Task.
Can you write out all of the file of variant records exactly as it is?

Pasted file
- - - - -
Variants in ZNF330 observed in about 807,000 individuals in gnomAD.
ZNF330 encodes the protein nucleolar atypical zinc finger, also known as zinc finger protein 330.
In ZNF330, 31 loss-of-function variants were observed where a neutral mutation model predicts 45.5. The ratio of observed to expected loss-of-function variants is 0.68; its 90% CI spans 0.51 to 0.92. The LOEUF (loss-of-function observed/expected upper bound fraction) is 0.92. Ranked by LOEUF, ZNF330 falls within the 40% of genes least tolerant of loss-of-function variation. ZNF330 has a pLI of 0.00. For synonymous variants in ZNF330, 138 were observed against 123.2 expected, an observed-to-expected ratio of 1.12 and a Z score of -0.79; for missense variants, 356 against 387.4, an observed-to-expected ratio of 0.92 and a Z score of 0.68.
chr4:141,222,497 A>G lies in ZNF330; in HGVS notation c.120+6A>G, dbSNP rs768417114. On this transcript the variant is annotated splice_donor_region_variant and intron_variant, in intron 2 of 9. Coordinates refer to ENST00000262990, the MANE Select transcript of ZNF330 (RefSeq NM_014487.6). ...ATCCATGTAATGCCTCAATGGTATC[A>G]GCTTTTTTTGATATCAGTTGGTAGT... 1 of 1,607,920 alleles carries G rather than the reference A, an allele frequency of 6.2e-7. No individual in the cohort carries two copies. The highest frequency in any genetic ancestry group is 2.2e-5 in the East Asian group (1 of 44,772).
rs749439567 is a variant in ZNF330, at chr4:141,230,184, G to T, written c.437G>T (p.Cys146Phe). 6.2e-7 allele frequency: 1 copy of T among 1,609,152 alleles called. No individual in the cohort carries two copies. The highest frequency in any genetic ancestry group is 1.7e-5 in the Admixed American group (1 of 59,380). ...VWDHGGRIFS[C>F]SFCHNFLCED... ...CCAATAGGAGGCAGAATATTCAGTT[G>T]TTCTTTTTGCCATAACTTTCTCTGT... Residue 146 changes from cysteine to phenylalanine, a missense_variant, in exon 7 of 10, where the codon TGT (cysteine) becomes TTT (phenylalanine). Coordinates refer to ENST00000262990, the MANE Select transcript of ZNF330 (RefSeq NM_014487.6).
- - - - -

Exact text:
Variants in ZNF330 observed in about 807,000 individuals in gnomAD.
ZNF330 encodes the protein nucleolar atypical zinc finger, also known as zinc finger protein 330.
In ZNF330, 31 loss-of-function variants were observed where a neutral mutation model predicts 45.5. The ratio of observed to expected loss-of-function variants is 0.68; its 90% CI spans 0.51 to 0.92. The LOEUF (loss-of-function observed/expected upper bound fraction) is 0.92. Ranked by LOEUF, ZNF330 falls within the 40% of genes least tolerant of loss-of-function variation. ZNF330 has a pLI of 0.00. For synonymous variants in ZNF330, 138 were observed against 123.2 expected, an observed-to-expected ratio of 1.12 and a Z score of -0.79; for missense variants, 356 against 387.4, an observed-to-expected ratio of 0.92 and a Z score of 0.68.
chr4:141,222,497 A>G lies in ZNF330; in HGVS notation c.120+6A>G, dbSNP rs768417114. On this transcript the variant is annotated splice_donor_region_variant and intron_variant, in intron 2 of 9. Coordinates refer to ENST00000262990, the MANE Select transcript of ZNF330 (RefSeq NM_014487.6). ...ATCCATGTAATGCCTCAATGGTATC[A>G]GCTTTTTTTGATATCAGTTGGTAGT... 1 of 1,607,920 alleles carries G rather than the reference A, an allele frequency of 6.2e-7. No individual in the cohort carries two copies. The highest frequency in any genetic ancestry group is 2.2e-5 in the East Asian group (1 of 44,772).
rs749439567 is a variant in ZNF330, at chr4:141,230,184, G to T, written c.437G>T (p.Cys146Phe). 6.2e-7 allele frequency: 1 copy of T among 1,609,152 alleles called. No individual in the cohort carries two copies. The highest frequency in any genetic ancestry group is 1.7e-5 in the Admixed American group (1 of 59,380). ...VWDHGGRIFS[C>F]SFCHNFLCED... ...CCAATAGGAGGCAGAATATTCAGTT[G>T]TTCTTTTTGCCATAACTTTCTCTGT... Residue 146 changes from cysteine to phenylalanine, a missense_variant, in exon 7 of 10, where the codon TGT (cysteine) becomes TTT (phenylalanine). Coordinates refer to ENST00000262990, the MANE Select transcript of ZNF330 (RefSeq NM_014487.6).